Interesting idea and I know the idea comes from good intentions, yet I don't see it working primarily because of:
People already pay enough for:
Fees for the above services already factor in wholesale bandwidth.
If we go down this path we may as well charge for:
Give them an inch and they (the powers that be) will take a mile, eventually.
Why not focus on bigger wins such as Video and Audio streaming services?
Watch less, listen to less, consume less - sounds like a good idea of course until we realise that not everyone uses these mediums the same way and that means some people will be penalised over others.
Definitely agree on reducing your email footprint but once we start imposing fees per send then slope gets very slippery and it becomes ripe for corruption and gate keeping while potentially not having the result we want.
It should be an optional feature available for email users.
When someone sends a message, they'll receive an auto-reply asking to pay the fee. The message would stay in a cache for a few days, then auto-deleted if the fee is not paid. A "whitelist" would allow friends & family to bypass the paywall.
That doesn't solve the problem. Horrible idea no matter how anyone looks at it, sorry. This has way more downsides than upsides.
Sorry, but isn't anyone quite a few people for you to speak on behalf of? Would solve my problem... But I agree it's not a good-looking idea 😉
Hey! Thank you @yvonnickfrin
I struggled understanding older_than in gmail.
For people that struggle too, here are some pattern that works:
Documentation I found: support.google.com/mail/answer/719...
Do NOT insert a space after your :!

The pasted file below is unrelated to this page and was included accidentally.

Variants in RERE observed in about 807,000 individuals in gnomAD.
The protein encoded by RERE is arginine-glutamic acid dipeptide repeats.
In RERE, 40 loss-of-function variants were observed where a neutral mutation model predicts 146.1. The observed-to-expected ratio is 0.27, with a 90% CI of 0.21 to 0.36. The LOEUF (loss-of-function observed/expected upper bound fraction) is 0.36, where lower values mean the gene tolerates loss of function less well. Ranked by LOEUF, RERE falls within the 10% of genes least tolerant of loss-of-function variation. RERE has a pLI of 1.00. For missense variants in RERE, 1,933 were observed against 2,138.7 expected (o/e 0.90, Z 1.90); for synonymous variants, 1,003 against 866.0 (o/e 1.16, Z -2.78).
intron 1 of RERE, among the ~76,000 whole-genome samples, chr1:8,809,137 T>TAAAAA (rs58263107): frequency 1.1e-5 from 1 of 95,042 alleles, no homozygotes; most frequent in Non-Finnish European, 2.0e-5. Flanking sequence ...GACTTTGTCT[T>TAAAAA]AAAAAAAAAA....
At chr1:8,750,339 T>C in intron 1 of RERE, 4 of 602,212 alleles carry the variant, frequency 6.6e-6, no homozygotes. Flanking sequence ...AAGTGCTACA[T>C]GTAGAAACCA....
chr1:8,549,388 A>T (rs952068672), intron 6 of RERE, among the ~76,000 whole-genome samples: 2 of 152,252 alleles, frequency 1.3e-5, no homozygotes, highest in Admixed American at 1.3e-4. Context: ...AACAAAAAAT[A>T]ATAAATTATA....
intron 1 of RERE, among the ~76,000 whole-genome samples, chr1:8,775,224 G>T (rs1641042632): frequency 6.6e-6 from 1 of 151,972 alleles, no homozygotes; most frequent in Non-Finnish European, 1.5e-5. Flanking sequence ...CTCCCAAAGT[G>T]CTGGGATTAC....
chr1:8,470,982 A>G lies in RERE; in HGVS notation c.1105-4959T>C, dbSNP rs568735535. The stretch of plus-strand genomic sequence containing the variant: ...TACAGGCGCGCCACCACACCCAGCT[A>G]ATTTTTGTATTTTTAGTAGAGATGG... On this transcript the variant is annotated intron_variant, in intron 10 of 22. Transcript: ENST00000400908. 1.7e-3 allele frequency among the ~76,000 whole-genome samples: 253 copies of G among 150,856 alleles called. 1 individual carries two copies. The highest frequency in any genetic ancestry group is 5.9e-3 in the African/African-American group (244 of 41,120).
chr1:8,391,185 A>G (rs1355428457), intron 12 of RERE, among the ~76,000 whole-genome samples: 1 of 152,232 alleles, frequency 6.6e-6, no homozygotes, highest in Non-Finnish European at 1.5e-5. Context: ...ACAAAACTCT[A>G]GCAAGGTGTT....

Sorry, I should have add an example. Another important information for email threads the date of the first email of the thread is the reference.
I've been making a big effort lately to unsubscribe from mailing lists. I've run a script in my Gmail for years to send marketing emails to a folder where I don't really see them, but since I don't want them anyway, I'm trying to just stop getting them altogether.
Happy to see this kind of discussion on DEV. I totally agree. The best way to achieve it is by having a small inbox. Mine is 500mo. I have to clean it every 6 months.
But this is a drop in the ocean... We would have more impact by stopping our Netflix subscription !
Really interesting! 😯
I had never thought about this before 🤔
Thankyou. This is THE thing - ppl talk about saving the environment but don't get the daily issues right. Recycle or at least separate trash, make lights out if not necessary or delete unused data. <3
Great Topic! I am now cleaning all my mail boxes, I never even thought of this.
This is so well put. I see people leaving tens of thousands of e-mails in their Inboxes, because they are too lazy to delete them all. Given the impact it has, more people should be made aware of it.
We're a place where coders share, stay up-to-date and grow their careers.
We strive for transparency and don't collect excess data.